The possible reactions of those who suffer from globalization and the more general quest for corrective measures to improve the position of unskilled workers will be discussed in the final part of the article. It will be seen that there are no easy solutions, nor can the old solutions be guaranteed to work. This is not surprising, however. In an age of innovations it would be rather strange if old solutions were to apply. Thus, it is necessary to find new alternatives. Especially if good old laissez faire is not included among the new policy prescriptions.

1. Globalization, Barriers and Frictions 

It is well known that globalization has many—perhaps too many—meanings. The identification of an element common to the different conceptions by scholars in the different fields is a tall order but, if an attempt were to be made, perhaps there would not be much progress with respect to the vague, though useful, ‘end of geography’ referred to recently by Bauman (1999, p. 15).

Economists have embraced the notion that globalization means the ‘end of geography’ (or, at least, its rapid decline). This can be proved by providing a brief review of their positions on the causes of globalization, how the latter takes shape and its consequences.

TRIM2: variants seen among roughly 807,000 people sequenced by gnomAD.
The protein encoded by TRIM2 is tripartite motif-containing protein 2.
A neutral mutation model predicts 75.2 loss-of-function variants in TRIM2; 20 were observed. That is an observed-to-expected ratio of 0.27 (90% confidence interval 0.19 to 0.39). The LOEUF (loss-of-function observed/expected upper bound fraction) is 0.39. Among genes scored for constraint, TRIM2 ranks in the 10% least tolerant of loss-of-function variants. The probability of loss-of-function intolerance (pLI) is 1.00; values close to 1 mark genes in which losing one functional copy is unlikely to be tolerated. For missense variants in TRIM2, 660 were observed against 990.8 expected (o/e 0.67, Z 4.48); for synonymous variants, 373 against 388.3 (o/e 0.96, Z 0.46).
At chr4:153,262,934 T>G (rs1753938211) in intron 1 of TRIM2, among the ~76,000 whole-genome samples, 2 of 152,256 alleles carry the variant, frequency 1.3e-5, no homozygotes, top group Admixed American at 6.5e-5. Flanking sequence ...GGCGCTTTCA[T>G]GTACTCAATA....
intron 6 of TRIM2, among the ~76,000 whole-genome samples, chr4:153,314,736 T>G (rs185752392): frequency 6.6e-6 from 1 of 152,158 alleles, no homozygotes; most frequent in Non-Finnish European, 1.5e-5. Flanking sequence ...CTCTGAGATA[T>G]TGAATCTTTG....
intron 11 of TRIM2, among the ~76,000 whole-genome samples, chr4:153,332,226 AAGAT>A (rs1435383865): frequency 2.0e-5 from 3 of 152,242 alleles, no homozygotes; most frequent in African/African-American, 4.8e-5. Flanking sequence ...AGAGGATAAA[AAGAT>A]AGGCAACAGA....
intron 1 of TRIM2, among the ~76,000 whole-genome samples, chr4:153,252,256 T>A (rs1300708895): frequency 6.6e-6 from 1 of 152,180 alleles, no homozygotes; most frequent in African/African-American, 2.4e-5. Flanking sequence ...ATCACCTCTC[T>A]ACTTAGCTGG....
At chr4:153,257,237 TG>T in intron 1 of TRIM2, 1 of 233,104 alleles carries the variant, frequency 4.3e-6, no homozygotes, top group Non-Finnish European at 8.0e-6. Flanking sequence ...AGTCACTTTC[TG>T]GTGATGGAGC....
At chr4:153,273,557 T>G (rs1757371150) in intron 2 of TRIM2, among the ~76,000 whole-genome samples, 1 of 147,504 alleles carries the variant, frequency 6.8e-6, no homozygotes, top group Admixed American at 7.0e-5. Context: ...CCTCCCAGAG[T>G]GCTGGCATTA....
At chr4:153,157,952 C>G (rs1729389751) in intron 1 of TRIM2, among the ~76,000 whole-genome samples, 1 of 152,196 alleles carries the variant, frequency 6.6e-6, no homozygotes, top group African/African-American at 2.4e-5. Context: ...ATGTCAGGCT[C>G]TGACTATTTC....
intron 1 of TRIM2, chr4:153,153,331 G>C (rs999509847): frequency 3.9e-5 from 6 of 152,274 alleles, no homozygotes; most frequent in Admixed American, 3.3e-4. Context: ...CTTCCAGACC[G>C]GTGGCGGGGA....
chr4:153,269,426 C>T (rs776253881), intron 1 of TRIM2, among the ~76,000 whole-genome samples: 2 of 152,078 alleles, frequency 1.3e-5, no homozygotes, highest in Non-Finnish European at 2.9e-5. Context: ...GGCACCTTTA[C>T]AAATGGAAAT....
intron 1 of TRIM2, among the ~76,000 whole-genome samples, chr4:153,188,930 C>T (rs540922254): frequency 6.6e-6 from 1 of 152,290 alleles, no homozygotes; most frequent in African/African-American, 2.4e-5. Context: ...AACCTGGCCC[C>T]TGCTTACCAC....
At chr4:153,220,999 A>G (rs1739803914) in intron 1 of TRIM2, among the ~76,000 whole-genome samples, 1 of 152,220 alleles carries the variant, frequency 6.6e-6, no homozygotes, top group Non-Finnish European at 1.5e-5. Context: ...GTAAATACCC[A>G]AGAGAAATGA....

The starting point is a drastic decrease of the legal and natural barriers to the international movement of goods and factors. Due mainly to technological developments, as far as natural barriers are concerned, and to important political changes, as far as legal barriers are concerned, this decrease is considered the cause of globalization, namely of the acceleration of trade and the transfer of production factors (in addition to technologies). Several consequences are associated with these globalization phenomena, which concern mainly economic growth, the power of national states, the degree of equality in income distribution. This last is the question which concerns us the most.

In this review, the ‘end-of-geography’ idea appears in the causes (the fall of barriers that separate the worlds), in the signs (the speed of travel, the mobility of goods and factors) and perhaps even in the consequences (the uniformity of the ‘political landscape,’ the impracticability of diversity).